Putin's own press secretary, Dmitry Peskov, was also fairly blunt on this point, telling journalists: "It is a supra-party that is not based on the party. Rather, it is focused on Putin, the creator of this idea."

In addition, the new popular front could also be a strategy for consolidating the pro-Kremlin vote. Previously, the administration could allow itself the luxury of sponsoring several parties, including United Russia, A Just Russia, the Patriots of Russia, and Right Cause. For instance, in the 2008 presidential election, Dmitry Medvedev was endorsed by United Russia, A Just Russia, the Agrarian Party, the Green Party, and Civic Force.

Putin Nomination Increasingly Likely

Now, with United Russia's support dwindling and none of those other parties ever having gained traction, the Kremlin seems to be moving toward consolidating its position in order to produce the broadest range of support for its candidate -- which seems increasingly likely to be Putin, although the new popular front could nominate Medvedev.

"At present, I am getting the impression that the basic strategy of United Russia is the weakening of its competitors," says Yevgeny Minchenko, director of the Moscow-based International Institute of Political Expertise.

"So far the essence of United Russia's election campaign is not to find new campaign approaches but to purge the electoral-political field and [ensure] its domination by only the ruling party. We have only one party -- the party of the authorities and that is the party of Vladimir Putin."
A Just Russia party leader, Sergei Mironov, has come under fire in recent days, possibly as part of United Russia efforts to undermine any potential opposition.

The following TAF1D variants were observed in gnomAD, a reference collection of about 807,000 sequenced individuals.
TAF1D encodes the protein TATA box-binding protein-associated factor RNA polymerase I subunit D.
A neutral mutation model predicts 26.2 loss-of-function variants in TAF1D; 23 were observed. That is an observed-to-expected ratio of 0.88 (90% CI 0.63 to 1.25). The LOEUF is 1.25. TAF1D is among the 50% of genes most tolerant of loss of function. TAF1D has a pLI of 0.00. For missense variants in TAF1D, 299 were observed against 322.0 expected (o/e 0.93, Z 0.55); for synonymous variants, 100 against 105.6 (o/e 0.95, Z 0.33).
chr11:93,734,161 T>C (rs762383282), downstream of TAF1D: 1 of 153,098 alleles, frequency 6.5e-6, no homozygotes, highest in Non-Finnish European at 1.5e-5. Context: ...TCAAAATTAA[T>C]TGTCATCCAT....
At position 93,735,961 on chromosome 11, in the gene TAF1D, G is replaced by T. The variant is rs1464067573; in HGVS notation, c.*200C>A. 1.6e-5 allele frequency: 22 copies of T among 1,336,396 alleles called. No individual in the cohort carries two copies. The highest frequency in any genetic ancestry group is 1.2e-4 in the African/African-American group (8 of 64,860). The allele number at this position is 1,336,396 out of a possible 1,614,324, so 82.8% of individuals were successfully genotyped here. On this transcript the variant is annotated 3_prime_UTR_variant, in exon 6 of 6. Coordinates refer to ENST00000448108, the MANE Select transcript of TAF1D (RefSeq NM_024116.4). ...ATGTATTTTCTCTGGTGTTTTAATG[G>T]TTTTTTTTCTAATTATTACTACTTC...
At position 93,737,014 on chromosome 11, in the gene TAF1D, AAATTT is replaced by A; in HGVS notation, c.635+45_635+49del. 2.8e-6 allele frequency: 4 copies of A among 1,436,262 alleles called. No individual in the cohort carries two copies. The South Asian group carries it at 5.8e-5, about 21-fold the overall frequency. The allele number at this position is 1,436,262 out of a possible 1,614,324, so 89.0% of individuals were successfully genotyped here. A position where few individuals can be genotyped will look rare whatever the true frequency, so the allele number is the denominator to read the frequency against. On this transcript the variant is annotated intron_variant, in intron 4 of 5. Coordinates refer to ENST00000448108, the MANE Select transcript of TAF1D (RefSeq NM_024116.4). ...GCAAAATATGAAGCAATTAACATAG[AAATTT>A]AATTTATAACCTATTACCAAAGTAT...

Another indication that the Kremlin intends to bring A Just Russia into the fold is the recent political assault on that party's leader, Federation Council Chairman Sergei Mironov.

Mironov technically represents the St. Petersburg Legislative Assembly, and that body is, like almost all regional legislatures in Russia, dominated by United Russia. In recent days, deputies have begun a noisy campaign to replace him.

Moreover, on May 10, Putin announced the creation of an Agency of Strategic Initiatives, a body answerable to him that is intended to promote new business ventures, foster innovation, and help young entrepreneurs. Previously, such "modernization" had been the exclusive bailiwick of Medvedev, who has tied his reputation to the "Russian Silicon Valley" project of Skolkovo.

An unnamed Kremlin source told "Kommersant" that the point of the new agency is to ensure Putin's control of key money flows during the national election season. "Vedomosti" editorialized that the point is to burnish Putin's "image as a modernizer."

Taken together, Grigory Golosov believes the moves seem to indicate a clear -- but not unalterable -- direction for the upcoming season of national elections in Russia.

"Now it is becoming increasingly clear that Vladimir Putin has decided to run for president himself," he says, "and that he will most likely head the United Russia list [for the Duma election]."

with contributions from RFE/RL's Russian Service